I personally led some of the earliest rallies outside Ringling Bros. shows, back in the late 1980s. As the outcry from activists and advocacy groups grew, Ringling willfully ignored it. Instead of switching exclusively to human performers — who perform by choice rather than force — the 146-year-old institution continued to bully animals. This was its downfall.

The reason is simple: When it comes to animal rights, the tide of public opinion has turned. A 2015 Gallup poll found that a majority of Americans — 62% — believe that animals deserve protection, and 32% believe animals should have the same rights as people. In recent years, many businesses have been forced to change their practices. SeaWorld announced it would end its orca breeding program last March, and the state of California outlawed such programs a few months later. Several years ago, the Los Angeles City Council voted unanimously to ban the use of bullhooks on elephants, and the city of West Hollywood banned the sale of fur products. Many pet stores have stopped selling dogs from puppy mills.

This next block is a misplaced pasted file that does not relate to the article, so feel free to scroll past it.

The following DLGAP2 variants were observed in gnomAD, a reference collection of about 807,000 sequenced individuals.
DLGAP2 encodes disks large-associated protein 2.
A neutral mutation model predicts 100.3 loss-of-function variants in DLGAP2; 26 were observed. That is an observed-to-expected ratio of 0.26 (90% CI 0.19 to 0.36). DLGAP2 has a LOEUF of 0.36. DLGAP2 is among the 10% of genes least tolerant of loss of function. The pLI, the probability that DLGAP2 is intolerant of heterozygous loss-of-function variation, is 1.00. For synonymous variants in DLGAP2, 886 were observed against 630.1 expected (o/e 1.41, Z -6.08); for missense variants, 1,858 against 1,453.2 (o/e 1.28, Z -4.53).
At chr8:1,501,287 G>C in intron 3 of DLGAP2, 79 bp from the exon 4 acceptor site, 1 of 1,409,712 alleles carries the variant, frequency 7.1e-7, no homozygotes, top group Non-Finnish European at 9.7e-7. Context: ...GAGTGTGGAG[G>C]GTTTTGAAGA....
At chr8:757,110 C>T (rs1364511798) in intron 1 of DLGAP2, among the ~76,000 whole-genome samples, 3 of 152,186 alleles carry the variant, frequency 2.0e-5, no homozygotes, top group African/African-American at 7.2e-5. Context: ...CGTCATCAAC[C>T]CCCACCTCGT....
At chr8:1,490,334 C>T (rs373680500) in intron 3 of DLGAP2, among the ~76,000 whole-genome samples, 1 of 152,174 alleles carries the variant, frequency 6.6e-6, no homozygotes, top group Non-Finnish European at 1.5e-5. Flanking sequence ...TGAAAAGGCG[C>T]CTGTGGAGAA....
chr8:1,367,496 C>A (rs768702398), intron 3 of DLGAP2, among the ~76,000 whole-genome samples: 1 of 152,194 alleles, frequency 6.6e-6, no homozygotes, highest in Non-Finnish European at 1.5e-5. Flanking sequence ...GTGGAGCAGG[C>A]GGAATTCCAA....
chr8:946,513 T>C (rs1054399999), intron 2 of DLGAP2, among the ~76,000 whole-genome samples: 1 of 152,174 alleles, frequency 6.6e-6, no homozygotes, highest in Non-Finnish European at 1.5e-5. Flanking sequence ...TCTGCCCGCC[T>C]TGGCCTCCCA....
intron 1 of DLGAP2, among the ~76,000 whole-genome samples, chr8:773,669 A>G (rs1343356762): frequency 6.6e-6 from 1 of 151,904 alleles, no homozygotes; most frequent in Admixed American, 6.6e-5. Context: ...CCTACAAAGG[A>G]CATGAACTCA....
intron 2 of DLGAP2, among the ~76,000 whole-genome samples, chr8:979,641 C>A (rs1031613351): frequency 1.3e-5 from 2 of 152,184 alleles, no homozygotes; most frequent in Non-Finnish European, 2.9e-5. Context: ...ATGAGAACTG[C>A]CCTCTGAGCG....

Life for these animals is one of isolation, boredom and trauma.

But while the end of Ringling is a victory for every activist who wrote a letter, signed a petition or protested outside the circus doors, the fight to free animals from cruelty, including in the entertainment industry, is far from over. Other circuses continue to exploit animals for profit, as do zoos, aquariums and rodeos.

For instance, in 2002, an investigator for my organization, Last Chance for Animals, captured footage of elephant training at the Carson & Barnes Circus in Oklahoma. The video showed violent training methods in which elephants were abused with bullhooks, electric prods and blowtorches. At one point, a trainer yelled, “Make ’em scream!” The footage shook the circus industry to its core. Yet the Carson & Barnes Circus still features animal performers.